How to Count Cards Using Uston SS Blackjack System

Ken Uston’s ‘Strongest and Simplest’ System

Ken Uston had already made a name for himself in card counting circles after the publication of ‘Million Dollar Blackjack’ in which the author detailed two separate successful card counting systems (the Uston Advanced Plus-Minus and the Uston Advanced Point Count). A few years later Uston teamed up with renowned card counters Arnold Snyder and Sam Case to develop the Uston SS, which stands for ‘strongest and simplest’. While undoubtedly strong, it’s not perhaps the simplest of systems, although an experienced card counter will find it straightforward.

The Uston SS is an unbalanced system, meaning that the count at the end of a shoe will be different from that at the start (a balanced system will both start at end with zero). This card counting system will start at a negative number and the remaining cards will only be deemed beneficial to the player if the count rises to a positive number. When (or if) this positive number is reached, it will be time to increase the bet sizing.

This blackjack card counting system is considered a level III system, as the values assigned to each card range between -3 and +3. This will make the card counting more complicated than many other systems, especially those with a simpler +1 and -1 range. However, one advantage you’ll have in using the Uston SS is that you’ll not have to convert the ‘running count’ into a ‘true count’, which is the case with most balanced systems. Here, all you’ll need is the running count.

The Uston SS Blackjack Card Counting System – How it Works

The first thing you need to do when using this count is to find your initial running count. This is found by multiplying the number of decks by -2. For example, if you are playing with 6 decks, the initial running count will be -12. You’ll now add or subtract the following values to and from the running count:

A five adds 3 to the running count.

A two, three, four or six add 2 to the running count.

A seven adds 1 to the running count.

An eight is considered neutral so the running count remains unchanged.

A nine subtracts 1 from the running count.

A ten, jack, queen, king or ace each subtracts 2 from the running count.

All the time the count remains negative you should keep your bet sizing to a minimum, but when the count becomes a positive one, it’s time to increase that bet sizing.

It can also be useful to keep a track of the aces as a side count. If there are more aces than there should be in the shoe (if there were 10 aces to come out with just a couple of decks remaining for example) your chance of hitting blackjack is increased, so this would be another reason to increase the size of your bets.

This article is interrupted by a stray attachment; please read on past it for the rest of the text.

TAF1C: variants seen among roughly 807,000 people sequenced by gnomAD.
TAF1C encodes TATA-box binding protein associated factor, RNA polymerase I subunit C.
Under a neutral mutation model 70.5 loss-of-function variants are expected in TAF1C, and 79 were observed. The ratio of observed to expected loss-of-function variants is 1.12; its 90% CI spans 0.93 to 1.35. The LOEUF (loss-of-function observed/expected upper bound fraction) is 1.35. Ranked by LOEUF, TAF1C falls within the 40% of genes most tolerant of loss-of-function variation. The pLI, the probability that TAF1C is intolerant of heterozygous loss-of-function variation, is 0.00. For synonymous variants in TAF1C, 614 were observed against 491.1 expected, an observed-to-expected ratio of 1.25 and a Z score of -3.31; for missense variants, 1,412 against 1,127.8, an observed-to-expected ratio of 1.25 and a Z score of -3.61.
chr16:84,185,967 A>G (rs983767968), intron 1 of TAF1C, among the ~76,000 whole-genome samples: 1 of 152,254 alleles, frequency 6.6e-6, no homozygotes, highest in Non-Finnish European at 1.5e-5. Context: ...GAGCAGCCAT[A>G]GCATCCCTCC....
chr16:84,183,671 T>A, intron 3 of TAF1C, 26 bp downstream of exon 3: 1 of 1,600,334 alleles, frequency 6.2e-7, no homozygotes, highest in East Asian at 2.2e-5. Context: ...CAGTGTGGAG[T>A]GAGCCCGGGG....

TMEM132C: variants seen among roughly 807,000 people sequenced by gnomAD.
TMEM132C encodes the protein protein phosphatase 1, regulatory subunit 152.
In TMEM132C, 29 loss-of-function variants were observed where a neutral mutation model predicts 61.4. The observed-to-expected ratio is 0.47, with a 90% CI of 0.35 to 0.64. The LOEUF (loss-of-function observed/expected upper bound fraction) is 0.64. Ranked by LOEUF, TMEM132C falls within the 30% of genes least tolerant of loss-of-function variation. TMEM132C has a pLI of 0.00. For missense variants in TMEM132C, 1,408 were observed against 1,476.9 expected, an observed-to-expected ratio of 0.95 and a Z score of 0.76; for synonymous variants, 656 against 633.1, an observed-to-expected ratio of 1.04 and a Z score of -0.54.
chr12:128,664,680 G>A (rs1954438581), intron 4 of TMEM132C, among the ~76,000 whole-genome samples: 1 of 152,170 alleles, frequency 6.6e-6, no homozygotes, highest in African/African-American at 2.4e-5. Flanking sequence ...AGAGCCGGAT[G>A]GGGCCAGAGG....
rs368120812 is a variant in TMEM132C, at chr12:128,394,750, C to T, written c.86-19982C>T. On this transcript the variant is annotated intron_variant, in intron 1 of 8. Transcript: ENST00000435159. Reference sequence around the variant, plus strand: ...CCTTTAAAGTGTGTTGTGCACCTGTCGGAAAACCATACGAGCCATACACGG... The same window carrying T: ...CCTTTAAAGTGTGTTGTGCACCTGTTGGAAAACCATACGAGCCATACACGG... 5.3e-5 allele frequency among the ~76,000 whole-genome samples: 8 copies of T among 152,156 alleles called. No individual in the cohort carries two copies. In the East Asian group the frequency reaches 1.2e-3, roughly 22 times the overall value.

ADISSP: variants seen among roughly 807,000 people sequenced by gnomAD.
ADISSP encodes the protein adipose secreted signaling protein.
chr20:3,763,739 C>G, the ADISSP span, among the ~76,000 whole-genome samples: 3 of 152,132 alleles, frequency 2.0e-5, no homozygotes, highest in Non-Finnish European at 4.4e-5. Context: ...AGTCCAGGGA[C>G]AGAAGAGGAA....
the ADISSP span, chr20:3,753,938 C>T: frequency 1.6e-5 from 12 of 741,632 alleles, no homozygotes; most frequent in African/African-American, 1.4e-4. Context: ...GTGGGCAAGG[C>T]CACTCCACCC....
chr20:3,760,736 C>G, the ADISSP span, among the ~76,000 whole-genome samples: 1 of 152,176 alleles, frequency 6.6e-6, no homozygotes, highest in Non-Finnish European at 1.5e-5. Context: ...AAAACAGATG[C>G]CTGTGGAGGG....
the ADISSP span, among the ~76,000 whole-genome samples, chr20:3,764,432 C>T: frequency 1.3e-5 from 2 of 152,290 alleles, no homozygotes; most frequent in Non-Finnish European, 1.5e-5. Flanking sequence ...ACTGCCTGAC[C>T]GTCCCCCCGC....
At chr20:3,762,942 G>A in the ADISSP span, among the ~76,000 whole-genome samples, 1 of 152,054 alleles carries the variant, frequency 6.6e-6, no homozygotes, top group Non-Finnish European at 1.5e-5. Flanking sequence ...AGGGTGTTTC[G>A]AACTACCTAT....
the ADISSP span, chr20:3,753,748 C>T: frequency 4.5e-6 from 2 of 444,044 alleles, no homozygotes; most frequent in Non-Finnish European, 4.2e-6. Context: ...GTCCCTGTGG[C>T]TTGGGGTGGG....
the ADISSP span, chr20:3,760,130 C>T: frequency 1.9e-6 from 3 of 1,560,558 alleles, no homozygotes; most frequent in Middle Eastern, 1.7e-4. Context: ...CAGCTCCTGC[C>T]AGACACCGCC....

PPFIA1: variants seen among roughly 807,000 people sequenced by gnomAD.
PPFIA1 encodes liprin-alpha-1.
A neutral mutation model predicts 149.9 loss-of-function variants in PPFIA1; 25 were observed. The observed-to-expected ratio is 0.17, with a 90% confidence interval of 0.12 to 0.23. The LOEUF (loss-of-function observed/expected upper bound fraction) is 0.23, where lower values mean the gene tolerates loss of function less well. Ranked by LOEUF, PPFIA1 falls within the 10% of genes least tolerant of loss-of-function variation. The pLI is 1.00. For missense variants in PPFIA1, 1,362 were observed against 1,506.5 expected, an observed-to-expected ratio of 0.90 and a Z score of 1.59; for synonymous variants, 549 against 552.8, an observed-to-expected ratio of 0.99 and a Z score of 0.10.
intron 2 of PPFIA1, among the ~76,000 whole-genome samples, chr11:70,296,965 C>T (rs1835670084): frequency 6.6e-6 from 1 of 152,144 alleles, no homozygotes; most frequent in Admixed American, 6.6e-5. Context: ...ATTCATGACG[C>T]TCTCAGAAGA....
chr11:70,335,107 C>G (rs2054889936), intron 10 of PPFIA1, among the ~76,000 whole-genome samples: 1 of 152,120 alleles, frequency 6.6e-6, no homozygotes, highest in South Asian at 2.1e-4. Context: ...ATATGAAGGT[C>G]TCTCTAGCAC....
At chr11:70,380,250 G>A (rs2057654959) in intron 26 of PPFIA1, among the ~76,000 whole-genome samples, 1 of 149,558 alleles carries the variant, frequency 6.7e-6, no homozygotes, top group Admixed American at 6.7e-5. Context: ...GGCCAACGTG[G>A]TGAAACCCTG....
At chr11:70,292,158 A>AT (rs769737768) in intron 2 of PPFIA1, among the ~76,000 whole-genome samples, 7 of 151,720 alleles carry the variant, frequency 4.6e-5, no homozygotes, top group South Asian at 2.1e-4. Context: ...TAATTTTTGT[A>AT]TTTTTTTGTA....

The Uston SS Blackjack Card Counting System – Example

You’ve been sat at a table for a while playing blackjack with 6 decks. Your initial count was therefore -12, but now the count sits at -2. The next hand sees the following cards make an appearance:

A three, a five, a seven, a nine and a queen.

The three adds 2 to the count, the five adds 3 and the seven adds 1, to make the new count +4. However, the nine subtracts 1 and the queen subtracts 2, meaning the overall count is now +1. The running count has now turned from negative to positive, meaning that the bet size can now start to be increased. As the running count has only just made it into positive territory (+1 is obviously the minimum amount), you shouldn’t increase the bet sizing too much, only doing this when the number is a high positive.

As with any card counting system, you should ensure that you don’t appear to be using some kind of system, as the house will soon pick up on it. Varying your bet sizing is always a good idea, while anything that appears systematic is likely to see your time at the blackjack tables curtailed.

The Uston SS Blackjack Card Counting System – Good or Bad?

There is little doubt that the Uston SS card counting system works. If you use the system correctly the house edge will be turned around and it’s you that will be sitting pretty with the edge. However, this does come at a price. With the range of values to learn, this isn’t a system that can be picked up easily, and even when you do learn all the values, the actual act of card counting in the casino with all the added distractions can be a tough job. Overall, this makes the Uston SS only suitable for the most experienced card counters, although get it right and the rewards are there!